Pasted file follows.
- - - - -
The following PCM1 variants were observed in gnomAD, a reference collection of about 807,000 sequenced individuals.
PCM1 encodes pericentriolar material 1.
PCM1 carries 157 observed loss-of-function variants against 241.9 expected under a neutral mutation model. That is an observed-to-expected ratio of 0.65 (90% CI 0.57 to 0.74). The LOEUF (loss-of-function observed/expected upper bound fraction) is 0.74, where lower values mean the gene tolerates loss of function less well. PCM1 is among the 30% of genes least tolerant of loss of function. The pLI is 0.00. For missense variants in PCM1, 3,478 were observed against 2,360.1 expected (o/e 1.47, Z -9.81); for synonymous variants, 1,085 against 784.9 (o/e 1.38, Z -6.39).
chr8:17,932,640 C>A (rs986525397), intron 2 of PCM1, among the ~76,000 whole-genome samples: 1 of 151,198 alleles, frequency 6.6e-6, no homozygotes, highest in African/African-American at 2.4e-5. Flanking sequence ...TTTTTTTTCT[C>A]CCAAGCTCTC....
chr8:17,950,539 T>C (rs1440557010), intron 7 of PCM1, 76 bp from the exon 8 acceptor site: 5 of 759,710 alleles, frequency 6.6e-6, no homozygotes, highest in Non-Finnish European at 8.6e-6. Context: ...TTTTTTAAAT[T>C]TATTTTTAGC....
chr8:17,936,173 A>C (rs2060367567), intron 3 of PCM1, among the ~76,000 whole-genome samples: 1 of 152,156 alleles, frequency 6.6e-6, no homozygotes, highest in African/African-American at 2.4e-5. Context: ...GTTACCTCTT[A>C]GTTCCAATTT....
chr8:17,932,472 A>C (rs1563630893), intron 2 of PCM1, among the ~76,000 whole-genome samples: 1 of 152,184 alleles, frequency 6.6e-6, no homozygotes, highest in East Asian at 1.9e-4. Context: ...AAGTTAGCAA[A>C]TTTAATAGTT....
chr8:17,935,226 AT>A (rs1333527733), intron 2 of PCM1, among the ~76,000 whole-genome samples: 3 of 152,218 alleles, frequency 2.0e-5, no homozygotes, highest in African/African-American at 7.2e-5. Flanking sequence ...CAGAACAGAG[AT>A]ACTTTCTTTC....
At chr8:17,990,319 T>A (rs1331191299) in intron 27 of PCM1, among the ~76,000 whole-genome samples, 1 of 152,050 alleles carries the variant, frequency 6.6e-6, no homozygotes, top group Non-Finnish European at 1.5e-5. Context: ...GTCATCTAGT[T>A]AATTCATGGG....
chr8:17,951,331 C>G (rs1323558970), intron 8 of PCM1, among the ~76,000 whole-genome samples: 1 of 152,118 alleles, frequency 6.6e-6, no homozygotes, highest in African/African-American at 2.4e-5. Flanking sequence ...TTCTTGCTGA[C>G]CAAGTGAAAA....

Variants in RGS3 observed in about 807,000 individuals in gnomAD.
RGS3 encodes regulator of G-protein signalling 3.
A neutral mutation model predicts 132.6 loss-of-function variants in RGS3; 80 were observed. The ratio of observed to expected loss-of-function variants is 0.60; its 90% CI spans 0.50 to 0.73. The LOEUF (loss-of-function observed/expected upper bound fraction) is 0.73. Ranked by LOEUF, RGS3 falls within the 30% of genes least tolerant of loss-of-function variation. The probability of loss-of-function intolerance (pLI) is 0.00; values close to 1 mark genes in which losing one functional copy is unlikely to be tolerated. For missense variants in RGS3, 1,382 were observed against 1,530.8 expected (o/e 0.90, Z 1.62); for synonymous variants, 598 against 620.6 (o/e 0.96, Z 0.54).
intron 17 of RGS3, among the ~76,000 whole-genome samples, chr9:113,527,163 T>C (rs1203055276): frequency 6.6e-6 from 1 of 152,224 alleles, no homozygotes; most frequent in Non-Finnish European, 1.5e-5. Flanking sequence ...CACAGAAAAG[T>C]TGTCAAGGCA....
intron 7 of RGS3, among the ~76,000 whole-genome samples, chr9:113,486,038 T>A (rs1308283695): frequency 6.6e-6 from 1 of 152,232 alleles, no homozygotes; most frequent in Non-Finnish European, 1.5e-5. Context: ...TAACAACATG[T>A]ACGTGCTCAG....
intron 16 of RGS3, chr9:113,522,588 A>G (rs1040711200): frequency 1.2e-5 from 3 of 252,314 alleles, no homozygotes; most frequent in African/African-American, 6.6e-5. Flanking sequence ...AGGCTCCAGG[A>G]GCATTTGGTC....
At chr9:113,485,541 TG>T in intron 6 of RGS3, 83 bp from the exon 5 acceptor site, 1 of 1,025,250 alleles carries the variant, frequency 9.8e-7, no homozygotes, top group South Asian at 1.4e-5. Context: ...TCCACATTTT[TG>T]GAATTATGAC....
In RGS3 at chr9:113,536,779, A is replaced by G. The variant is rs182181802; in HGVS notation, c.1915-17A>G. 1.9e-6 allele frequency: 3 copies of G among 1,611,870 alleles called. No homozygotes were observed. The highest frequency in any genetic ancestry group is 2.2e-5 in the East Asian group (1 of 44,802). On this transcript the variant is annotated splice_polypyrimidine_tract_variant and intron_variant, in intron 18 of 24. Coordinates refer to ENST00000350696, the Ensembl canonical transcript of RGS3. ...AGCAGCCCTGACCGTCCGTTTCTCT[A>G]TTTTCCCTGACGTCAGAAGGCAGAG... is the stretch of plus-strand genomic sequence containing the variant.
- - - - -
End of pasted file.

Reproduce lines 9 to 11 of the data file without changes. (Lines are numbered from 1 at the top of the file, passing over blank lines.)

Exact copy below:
At chr8:17,990,319 T>A (rs1331191299) in intron 27 of PCM1, among the ~76,000 whole-genome samples, 1 of 152,050 alleles carries the variant, frequency 6.6e-6, no homozygotes, top group Non-Finnish European at 1.5e-5. Context: ...GTCATCTAGT[T>A]AATTCATGGG....
chr8:17,951,331 C>G (rs1323558970), intron 8 of PCM1, among the ~76,000 whole-genome samples: 1 of 152,118 alleles, frequency 6.6e-6, no homozygotes, highest in African/African-American at 2.4e-5. Flanking sequence ...TTCTTGCTGA[C>G]CAAGTGAAAA....

Variants in RGS3 observed in about 807,000 individuals in gnomAD.